SHADWELL Parish Council were horrified by the article entitled “You’ll find it under G...for gaffe” about Scholes Library (YEP, March 11).
Like Scholes, we have undertaken a huge amount of work with residents, ward councillors and libraries staff as we seek to keep this very valuable resource for Shadwell open.
We are not Nimbys. We recognise that if our library is to remain open in the longer term it must attract more users and more inportantly be used for many more things than just borrowing books and computer access, valuable though both those activities are.
We will be very disappointed, indeed angry, if it turns out that all of this work has been some sort of charade and in fact the decisions have already been made.
It is sad that some of our good relations with officers in the Library Service have been brought into question by Ms Blanshard’s comments. We are sure they were never meant for the public realm but they seem to indicate a total lack of respect for the role of parish councils. sadly we fear this is a view taken by other senior council officers.
We hope this unfortunate incident will be a wake-up call to those in charge at Leeds City Council to see parish councillors as partners who can help shape local services, rather than as irritating problems to be sidelined and ignored.
Debbie Potter, Chairman, Shadwell Parish Council
Lack of respect
MY letter is one of disgust at the email from Catherine Blanshard, which was copied in error to our Chairman of Scholes Parish Council and was brought to the attention of residents by the YEP.
The villagers attended a meeting in February and representatives of Leeds Libraries were asked questions about the possible closure of our library. They were treated with respect when questions were asked. It’s a great pity this respect could not have been extended to us by a chief officer.
Perhaps Ms Blanshard would not be as amused if she was handed her P45.
A M Wild, Scholes
Committed to the community
I WOULD like to respond to Mr Harwood’s letter headlined ‘Simply no need for rival supermarket’ (Letters, March 16).
We are developing proposals for Kirkstall that will include a supermarket as well as shops, community facilities, public space and a new home for the Postal Workers Club.
With the input of the local community, we plan to turn this important site in Kirkstall into a bright and thriving district centre.
We are also committed to being a positive part of the local community.
The store alone would create hundreds of jobs, many guaranteed for the long-term unemployed with recruitment targeted in the local area.
We would employ a ‘Community Champion’ who would spend at least 18 hours a week working with local groups and charities in Kirkstall.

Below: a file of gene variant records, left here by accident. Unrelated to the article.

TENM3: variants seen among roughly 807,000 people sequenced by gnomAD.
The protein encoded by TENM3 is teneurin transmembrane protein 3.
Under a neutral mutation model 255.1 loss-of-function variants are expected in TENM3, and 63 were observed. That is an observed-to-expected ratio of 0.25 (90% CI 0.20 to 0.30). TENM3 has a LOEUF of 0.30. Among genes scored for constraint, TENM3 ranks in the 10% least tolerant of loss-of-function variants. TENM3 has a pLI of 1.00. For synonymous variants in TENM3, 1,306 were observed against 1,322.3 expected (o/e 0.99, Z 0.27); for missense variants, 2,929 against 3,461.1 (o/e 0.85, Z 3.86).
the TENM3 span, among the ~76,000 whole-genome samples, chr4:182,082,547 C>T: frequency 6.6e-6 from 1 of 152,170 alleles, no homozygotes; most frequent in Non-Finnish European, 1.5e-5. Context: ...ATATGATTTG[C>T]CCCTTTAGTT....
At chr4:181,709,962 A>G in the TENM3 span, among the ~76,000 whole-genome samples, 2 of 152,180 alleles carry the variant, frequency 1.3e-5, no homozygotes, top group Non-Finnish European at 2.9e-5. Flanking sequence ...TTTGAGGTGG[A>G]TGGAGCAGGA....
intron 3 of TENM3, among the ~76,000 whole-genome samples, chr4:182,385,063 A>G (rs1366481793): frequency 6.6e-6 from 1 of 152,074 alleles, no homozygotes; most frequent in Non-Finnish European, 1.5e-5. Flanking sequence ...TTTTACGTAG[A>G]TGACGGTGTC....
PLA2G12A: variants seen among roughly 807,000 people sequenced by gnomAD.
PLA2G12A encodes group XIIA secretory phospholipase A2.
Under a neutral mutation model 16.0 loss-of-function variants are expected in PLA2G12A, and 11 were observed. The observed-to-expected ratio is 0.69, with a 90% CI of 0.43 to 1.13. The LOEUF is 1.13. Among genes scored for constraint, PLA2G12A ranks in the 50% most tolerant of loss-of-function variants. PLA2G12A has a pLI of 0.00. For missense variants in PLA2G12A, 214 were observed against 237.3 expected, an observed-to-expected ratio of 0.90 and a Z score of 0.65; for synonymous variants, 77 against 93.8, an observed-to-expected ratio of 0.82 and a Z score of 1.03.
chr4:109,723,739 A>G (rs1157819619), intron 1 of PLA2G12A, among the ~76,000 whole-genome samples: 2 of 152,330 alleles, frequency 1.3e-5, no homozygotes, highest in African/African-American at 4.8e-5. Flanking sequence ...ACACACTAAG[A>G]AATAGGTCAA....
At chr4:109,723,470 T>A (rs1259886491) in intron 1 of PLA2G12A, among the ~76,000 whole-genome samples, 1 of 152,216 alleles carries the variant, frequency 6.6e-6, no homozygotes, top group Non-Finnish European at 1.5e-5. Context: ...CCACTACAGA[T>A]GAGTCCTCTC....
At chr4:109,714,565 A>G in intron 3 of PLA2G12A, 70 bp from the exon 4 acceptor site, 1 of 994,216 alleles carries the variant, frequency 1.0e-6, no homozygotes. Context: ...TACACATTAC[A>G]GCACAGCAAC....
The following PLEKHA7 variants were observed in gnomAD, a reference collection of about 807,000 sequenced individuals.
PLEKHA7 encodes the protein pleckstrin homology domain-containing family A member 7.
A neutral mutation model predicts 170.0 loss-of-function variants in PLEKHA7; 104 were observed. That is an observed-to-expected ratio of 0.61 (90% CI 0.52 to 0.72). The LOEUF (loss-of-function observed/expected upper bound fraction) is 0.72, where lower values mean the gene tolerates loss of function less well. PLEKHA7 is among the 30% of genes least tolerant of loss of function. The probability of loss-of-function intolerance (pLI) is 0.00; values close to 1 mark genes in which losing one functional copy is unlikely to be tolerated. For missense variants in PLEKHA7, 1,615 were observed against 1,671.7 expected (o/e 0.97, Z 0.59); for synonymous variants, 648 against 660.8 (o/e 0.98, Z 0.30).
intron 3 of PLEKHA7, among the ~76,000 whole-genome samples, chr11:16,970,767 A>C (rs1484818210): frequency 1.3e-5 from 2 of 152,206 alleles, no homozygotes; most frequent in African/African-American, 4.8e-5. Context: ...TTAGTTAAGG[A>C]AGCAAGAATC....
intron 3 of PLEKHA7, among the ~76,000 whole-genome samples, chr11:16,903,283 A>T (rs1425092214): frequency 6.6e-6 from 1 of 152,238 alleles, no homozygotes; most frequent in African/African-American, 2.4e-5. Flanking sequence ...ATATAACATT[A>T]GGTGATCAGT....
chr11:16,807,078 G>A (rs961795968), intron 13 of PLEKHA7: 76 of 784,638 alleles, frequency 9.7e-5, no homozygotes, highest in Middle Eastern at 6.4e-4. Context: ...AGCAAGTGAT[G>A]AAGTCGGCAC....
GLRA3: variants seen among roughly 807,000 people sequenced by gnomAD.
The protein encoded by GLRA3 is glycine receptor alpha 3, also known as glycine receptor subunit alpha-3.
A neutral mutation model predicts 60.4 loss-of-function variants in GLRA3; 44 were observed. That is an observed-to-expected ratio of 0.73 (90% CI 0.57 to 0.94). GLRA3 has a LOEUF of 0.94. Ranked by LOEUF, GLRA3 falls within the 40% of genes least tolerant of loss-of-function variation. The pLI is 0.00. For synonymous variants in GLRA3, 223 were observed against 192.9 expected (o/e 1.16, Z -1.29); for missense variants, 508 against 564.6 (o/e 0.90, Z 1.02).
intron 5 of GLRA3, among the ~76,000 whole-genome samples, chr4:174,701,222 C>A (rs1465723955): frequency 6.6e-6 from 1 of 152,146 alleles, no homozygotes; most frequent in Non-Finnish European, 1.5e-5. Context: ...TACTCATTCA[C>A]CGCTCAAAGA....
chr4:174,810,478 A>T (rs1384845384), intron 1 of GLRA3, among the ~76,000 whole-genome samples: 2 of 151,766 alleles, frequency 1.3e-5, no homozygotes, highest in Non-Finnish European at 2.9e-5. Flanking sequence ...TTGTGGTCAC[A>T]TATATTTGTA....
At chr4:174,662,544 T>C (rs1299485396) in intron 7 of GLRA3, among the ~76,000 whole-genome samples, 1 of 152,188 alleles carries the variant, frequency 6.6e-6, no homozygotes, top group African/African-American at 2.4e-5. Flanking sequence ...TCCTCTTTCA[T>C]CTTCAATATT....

Over the coming months we will be consulting with local residents and groups on what they would like to see within the plans.
We would ask Mr Harwood to reserve his judgment until he has seen exactly what we are proposing.
Deborah Hayeems, Tesco Corporate Affairs Manager
Lunacy of Uni’s proposed fees
I AM writing in regards to your article, ‘The £27,000 price tag of a degree at Leeds University’ (YEP, March 15). Being a student in Leeds, I find it lunacy that such fees are proposed.
I think people forget that students won’t only be subject to fees of £27,000, but also have housing and living costs to consider and these can amount to £20,000 over three years. Therefore students could expect to pay in the region of £40,000, and it is hard to see how this will not affect people’s decisions to come to university.
There are over 60,000 students studying a degree in Leeds and if this were to drop it will surely have an effect on the economy of the city.
Walking through Leeds late at night, the traffic is predominantly taxis transporting students to and from their housing. Transport and housing are two of the industries students contribute to in a big way, not to mention pubs, bars and clubs.
I just hope that such things have been considered by the University and council before they reach their final decision.
Alec Vickerson, Richmond Avenue, Leeds
Leeds needs green space
LET us be thankful that at least two local councillors, Martin Hamilton (LibDem) and Neil Taggart (Lab), have rejected the pig-headed and crass celebration by Coun Graham Latty (Con, Guiseley and Rawdon) that the Soverign Street/Queen’s Hall city centre site is a car park and his assertion that it should remain so.
“Cars have to go somewhere,” he booms. Not into the heart of central Leeds they don’t, Coun Latty.
This is a typically arrogant stance taken by a Tory politician, representing affluent suburban constituents, who disdain public transport, instead congesting and polluting routes into city centres with their gas guzzlers. Guiseley is actually linked to Leeds and Bradford centres by the unusually effective and swift electric Metro train network.